New to MTB: Learning to ride Rock Gardensnate collins
Continuing our New to MTB series let’s look at learning to ride rock gardens. Rock gardens are typically defined as a series of rock features spaced such that you will be forced to engage them in some way. The techniques that will help you confidently ride in rock gardens will help other places. Learning to keep your eyes ahead is important in any terrain. Becoming comfortable with a bit of momentum will help with rock gardens, single rocks, holes, stumps, etc. Let’s look at the concepts as well as a touch of the science.
Keep Your Eyes Up
The importance of looking down trail is hard to over emphasis. Rather than riding reactively you can proactively attack the trail. We touched a bit on this in the Sighting Trail Users blog. However let’s take another quick glance at the concept.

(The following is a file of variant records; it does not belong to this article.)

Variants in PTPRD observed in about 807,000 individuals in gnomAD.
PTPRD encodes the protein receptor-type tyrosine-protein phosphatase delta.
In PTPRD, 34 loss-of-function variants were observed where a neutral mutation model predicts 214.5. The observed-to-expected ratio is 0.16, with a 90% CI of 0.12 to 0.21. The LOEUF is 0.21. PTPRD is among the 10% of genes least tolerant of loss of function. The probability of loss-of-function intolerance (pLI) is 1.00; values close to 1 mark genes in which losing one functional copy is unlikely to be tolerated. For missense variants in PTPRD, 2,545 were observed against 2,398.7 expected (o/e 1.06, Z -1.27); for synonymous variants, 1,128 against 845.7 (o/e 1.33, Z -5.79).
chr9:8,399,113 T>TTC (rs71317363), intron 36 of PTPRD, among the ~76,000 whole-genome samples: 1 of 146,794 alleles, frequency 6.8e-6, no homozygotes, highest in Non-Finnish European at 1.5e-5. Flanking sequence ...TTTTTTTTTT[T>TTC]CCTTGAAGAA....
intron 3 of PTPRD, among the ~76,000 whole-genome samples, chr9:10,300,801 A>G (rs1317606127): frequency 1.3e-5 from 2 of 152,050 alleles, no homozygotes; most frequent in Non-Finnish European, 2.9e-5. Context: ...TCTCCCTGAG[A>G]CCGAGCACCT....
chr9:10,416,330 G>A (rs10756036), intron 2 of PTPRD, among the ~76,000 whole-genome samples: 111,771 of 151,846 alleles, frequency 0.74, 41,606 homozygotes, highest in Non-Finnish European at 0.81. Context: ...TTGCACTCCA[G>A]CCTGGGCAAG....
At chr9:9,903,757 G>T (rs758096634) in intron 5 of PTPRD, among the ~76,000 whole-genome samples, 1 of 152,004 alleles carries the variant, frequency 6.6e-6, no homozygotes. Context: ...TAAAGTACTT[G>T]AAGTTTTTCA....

The image below illustrates a handful of important concepts.
First – it’s a terrible place to stop on trail. If you’re going to stop and look it’s good practice to think “there’s someone faster than me coming down behind me”. Position yourself off the line and out of the way.
Second – riding at a comfortable pace through this particular section means you’re scanning the trail above the “a” and white shaded zone. Below the “a”, in the shading, there’s not much you can do at this point to change or correct. With the exception of pulling up over the rock at “b” but we’ll come back to that later.
If there wasn’t a rock at “b” you might be able to use your brakes a bit, which if a rabbit or lizard ran out in front of you you might do anyhow. I feel responsible for thousands more rabbits & lizards in the world thanks to good brakes and the occasional crash to miss them.